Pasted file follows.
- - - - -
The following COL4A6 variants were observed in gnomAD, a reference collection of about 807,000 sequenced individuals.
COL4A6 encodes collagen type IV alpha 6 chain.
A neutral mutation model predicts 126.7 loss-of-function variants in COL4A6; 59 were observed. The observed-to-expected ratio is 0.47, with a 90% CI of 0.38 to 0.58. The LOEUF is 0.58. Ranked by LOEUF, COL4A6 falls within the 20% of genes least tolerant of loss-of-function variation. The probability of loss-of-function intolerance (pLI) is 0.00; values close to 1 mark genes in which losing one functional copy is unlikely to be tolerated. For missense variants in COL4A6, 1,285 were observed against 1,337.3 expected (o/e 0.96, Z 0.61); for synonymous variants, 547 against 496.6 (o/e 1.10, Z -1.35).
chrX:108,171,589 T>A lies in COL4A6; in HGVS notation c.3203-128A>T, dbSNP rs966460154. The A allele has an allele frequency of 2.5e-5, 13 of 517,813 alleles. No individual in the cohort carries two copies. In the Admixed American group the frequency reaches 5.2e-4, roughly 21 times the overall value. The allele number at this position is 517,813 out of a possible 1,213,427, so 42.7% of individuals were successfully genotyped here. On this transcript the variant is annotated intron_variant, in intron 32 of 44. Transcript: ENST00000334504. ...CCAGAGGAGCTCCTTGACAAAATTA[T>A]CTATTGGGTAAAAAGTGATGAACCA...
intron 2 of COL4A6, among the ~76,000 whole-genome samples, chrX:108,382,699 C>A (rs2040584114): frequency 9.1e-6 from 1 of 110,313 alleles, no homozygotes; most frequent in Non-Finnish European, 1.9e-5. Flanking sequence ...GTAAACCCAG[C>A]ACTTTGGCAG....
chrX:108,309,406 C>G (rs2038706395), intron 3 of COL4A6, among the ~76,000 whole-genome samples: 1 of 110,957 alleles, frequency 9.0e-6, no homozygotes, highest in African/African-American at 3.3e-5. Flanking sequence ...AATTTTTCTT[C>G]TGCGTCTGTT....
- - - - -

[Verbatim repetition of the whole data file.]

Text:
The following COL4A6 variants were observed in gnomAD, a reference collection of about 807,000 sequenced individuals.
COL4A6 encodes collagen type IV alpha 6 chain.
A neutral mutation model predicts 126.7 loss-of-function variants in COL4A6; 59 were observed. The observed-to-expected ratio is 0.47, with a 90% CI of 0.38 to 0.58. The LOEUF is 0.58. Ranked by LOEUF, COL4A6 falls within the 20% of genes least tolerant of loss-of-function variation. The probability of loss-of-function intolerance (pLI) is 0.00; values close to 1 mark genes in which losing one functional copy is unlikely to be tolerated. For missense variants in COL4A6, 1,285 were observed against 1,337.3 expected (o/e 0.96, Z 0.61); for synonymous variants, 547 against 496.6 (o/e 1.10, Z -1.35).
chrX:108,171,589 T>A lies in COL4A6; in HGVS notation c.3203-128A>T, dbSNP rs966460154. The A allele has an allele frequency of 2.5e-5, 13 of 517,813 alleles. No individual in the cohort carries two copies. In the Admixed American group the frequency reaches 5.2e-4, roughly 21 times the overall value. The allele number at this position is 517,813 out of a possible 1,213,427, so 42.7% of individuals were successfully genotyped here. On this transcript the variant is annotated intron_variant, in intron 32 of 44. Transcript: ENST00000334504. ...CCAGAGGAGCTCCTTGACAAAATTA[T>A]CTATTGGGTAAAAAGTGATGAACCA...
intron 2 of COL4A6, among the ~76,000 whole-genome samples, chrX:108,382,699 C>A (rs2040584114): frequency 9.1e-6 from 1 of 110,313 alleles, no homozygotes; most frequent in Non-Finnish European, 1.9e-5. Flanking sequence ...GTAAACCCAG[C>A]ACTTTGGCAG....
chrX:108,309,406 C>G (rs2038706395), intron 3 of COL4A6, among the ~76,000 whole-genome samples: 1 of 110,957 alleles, frequency 9.0e-6, no homozygotes, highest in African/African-American at 3.3e-5. Flanking sequence ...AATTTTTCTT[C>G]TGCGTCTGTT....